Tuesday, 29 September 2020

Ceisteanna (47)

Mairéad Farrell


47. Deputy Mairéad Farrell asked the Minister for Finance his views on whether it is appropriate that those businesses in high profitability sectors should be eligible for the temporary wage subsidy scheme; and if he is taking measures to ensure businesses that do not need the scheme are not availing of it. [16653/20]

Amharc ar fhreagra

Freagraí scríofa (Ceist ar Finance)

The Temporary Wage Subsidy Scheme (TWSS) expired on 31 August 2020.  The Employment Wage Subsidy Scheme (EWSS) replaced the TWSS from 1 September, as the Government’s focus has shifted from an employee income support paid via the employer that maintained the existing employee/employer relationship insofar as was possible, to a direct employer subsidy to help support viable firms and encourage employment, including prospective employment of new hires and seasonal workers. 

As regards employer eligibility for the scheme, an employer must be able to demonstrate that their business will experience a 30% reduction in turnover or orders between 1 July and 31 December 2020 as compared to the corresponding 2019 period as a result of the disruption to business caused by the Covid-19 pandemic.  Additionally, and unlike TWSS, the employer must have a tax clearance certificate to be eligible to join the EWSS and must continue to meet the requirements for tax clearance throughout the scheme.

I would point out to the Deputy that the EWSS legislation contains a number of important safeguards and flexibilities in so far as the scheme’s operation and effectiveness is concerned.  I, as Minister for Finance, am required under the law to monitor and superintend the administration of the scheme and to have economic assessments made every 2 months.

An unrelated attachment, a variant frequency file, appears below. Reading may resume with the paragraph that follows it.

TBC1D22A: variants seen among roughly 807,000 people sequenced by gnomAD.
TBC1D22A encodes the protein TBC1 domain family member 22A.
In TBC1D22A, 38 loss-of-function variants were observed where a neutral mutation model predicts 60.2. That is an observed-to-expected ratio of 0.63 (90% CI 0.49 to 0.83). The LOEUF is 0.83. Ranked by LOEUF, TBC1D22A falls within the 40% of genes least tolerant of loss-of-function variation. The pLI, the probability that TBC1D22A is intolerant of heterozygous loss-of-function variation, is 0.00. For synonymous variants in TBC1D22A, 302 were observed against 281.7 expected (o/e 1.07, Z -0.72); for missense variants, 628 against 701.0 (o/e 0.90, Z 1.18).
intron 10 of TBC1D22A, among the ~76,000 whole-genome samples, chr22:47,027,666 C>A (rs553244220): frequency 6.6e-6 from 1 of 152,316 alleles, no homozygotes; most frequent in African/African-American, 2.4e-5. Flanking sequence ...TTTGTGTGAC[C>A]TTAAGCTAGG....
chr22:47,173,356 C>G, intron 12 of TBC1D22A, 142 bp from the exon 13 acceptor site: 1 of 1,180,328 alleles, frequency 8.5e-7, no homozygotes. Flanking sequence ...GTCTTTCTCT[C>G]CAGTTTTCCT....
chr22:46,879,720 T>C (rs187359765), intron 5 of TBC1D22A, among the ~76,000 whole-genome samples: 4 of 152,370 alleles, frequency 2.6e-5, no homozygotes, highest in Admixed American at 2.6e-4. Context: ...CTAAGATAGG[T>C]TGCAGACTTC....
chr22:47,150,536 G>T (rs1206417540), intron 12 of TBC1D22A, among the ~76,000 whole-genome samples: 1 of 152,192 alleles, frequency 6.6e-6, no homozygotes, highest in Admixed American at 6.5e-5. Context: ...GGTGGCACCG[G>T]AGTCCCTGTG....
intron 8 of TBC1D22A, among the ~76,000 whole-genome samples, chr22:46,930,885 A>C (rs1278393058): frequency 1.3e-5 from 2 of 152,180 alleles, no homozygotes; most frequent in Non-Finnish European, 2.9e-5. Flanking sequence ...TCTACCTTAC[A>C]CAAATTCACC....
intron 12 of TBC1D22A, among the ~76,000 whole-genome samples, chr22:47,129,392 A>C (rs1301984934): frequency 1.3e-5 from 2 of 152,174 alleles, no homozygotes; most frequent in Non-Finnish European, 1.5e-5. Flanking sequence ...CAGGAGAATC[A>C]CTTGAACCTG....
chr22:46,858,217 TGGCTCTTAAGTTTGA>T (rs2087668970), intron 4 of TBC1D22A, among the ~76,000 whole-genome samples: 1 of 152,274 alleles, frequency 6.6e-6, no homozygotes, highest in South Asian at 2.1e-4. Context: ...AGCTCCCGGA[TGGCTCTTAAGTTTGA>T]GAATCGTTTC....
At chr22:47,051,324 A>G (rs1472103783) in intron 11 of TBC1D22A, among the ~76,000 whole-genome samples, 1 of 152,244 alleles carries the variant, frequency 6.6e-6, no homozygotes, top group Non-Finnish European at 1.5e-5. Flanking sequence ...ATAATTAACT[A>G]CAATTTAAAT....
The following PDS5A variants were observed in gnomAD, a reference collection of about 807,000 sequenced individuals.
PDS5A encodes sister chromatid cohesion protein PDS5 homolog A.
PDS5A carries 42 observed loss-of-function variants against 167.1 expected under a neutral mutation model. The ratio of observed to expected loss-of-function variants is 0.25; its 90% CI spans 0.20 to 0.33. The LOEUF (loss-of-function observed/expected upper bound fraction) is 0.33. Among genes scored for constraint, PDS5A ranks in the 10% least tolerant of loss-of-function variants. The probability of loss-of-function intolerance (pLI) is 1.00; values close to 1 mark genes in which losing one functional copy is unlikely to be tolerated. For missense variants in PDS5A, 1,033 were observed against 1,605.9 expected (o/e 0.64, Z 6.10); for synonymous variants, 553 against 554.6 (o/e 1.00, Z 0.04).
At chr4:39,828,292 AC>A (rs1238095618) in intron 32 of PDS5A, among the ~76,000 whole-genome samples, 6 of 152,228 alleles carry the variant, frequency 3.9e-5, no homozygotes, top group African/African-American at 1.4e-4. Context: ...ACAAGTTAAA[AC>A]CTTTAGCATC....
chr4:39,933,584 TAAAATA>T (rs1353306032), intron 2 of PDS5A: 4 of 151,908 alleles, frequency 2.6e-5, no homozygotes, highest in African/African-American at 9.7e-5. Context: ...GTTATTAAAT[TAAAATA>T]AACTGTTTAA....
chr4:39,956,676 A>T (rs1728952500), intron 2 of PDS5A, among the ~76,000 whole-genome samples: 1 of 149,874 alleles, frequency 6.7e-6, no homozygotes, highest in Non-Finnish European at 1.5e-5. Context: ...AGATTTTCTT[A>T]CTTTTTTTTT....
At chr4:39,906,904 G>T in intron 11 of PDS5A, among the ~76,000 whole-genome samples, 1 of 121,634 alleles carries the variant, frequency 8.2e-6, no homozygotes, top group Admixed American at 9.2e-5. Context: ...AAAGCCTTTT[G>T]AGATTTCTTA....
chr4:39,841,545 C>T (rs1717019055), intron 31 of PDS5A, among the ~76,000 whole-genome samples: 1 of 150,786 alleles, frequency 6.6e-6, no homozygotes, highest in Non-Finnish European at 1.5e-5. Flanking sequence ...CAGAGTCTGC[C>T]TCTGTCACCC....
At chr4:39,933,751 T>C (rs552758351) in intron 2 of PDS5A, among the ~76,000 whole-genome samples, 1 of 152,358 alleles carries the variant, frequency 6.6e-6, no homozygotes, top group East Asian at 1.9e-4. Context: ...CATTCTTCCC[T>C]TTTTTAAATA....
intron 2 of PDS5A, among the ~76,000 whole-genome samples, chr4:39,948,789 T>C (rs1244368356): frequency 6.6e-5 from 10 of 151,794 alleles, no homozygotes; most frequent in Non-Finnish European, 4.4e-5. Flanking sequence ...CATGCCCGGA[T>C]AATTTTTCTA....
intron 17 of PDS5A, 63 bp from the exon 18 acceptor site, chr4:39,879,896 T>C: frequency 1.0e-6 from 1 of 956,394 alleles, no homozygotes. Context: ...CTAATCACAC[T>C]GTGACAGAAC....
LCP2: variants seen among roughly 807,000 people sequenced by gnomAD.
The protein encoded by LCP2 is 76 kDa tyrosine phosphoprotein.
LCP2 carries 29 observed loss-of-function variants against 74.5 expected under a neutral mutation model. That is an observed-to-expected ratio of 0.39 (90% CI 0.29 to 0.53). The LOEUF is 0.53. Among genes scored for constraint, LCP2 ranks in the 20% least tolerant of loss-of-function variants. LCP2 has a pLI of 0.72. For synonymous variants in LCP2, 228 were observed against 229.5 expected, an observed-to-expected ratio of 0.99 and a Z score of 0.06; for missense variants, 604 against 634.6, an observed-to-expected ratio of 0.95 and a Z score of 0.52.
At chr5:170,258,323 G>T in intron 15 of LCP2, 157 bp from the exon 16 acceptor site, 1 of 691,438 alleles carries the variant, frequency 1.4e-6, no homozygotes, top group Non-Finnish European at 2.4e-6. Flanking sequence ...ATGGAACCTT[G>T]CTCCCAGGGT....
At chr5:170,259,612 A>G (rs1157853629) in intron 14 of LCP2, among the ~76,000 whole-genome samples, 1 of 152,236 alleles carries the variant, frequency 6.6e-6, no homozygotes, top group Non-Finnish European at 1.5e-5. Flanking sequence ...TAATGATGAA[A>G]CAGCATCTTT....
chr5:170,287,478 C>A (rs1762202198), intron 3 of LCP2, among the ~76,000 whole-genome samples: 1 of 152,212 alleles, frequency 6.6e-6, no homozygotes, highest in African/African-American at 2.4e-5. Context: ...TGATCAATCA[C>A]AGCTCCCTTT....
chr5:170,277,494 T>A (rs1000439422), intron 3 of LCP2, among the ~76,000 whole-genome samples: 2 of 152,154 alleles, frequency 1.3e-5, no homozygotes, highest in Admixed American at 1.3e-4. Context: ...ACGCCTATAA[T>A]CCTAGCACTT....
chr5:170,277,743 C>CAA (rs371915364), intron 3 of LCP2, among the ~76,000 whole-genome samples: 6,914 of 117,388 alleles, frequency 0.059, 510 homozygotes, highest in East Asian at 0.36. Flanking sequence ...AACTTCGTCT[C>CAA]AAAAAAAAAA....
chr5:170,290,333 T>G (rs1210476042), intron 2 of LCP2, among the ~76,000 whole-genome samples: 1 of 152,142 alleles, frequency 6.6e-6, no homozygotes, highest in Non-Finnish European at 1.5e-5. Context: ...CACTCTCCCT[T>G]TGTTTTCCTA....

It is also noted that the EWSS legislation requires that immediately at the end of each month, from August 2020 onwards, each employer availing of the scheme must carry out a self-review of its business circumstances and if it is manifest to the employer that it no longer meets the eligibility test for qualification for the scheme, then the employer must immediately cease claiming wage subsidy payments.

Finally, the administration of the EWSS is placed under the care and management of Revenue, as was done with its predecessor, the TWSS.  The Deputy will be aware of Revenue’s ongoing compliance programme relating to the TWSS.  While Revenue’s focus on the EWSS in these early stages is no doubt concentrated on getting the scheme up and running and ensuring that all employers who are eligible for subsidy payments receive the payments quickly, I understand that Revenue will, in due course, undertake an appropriate employer compliance campaign relating to the EWSS.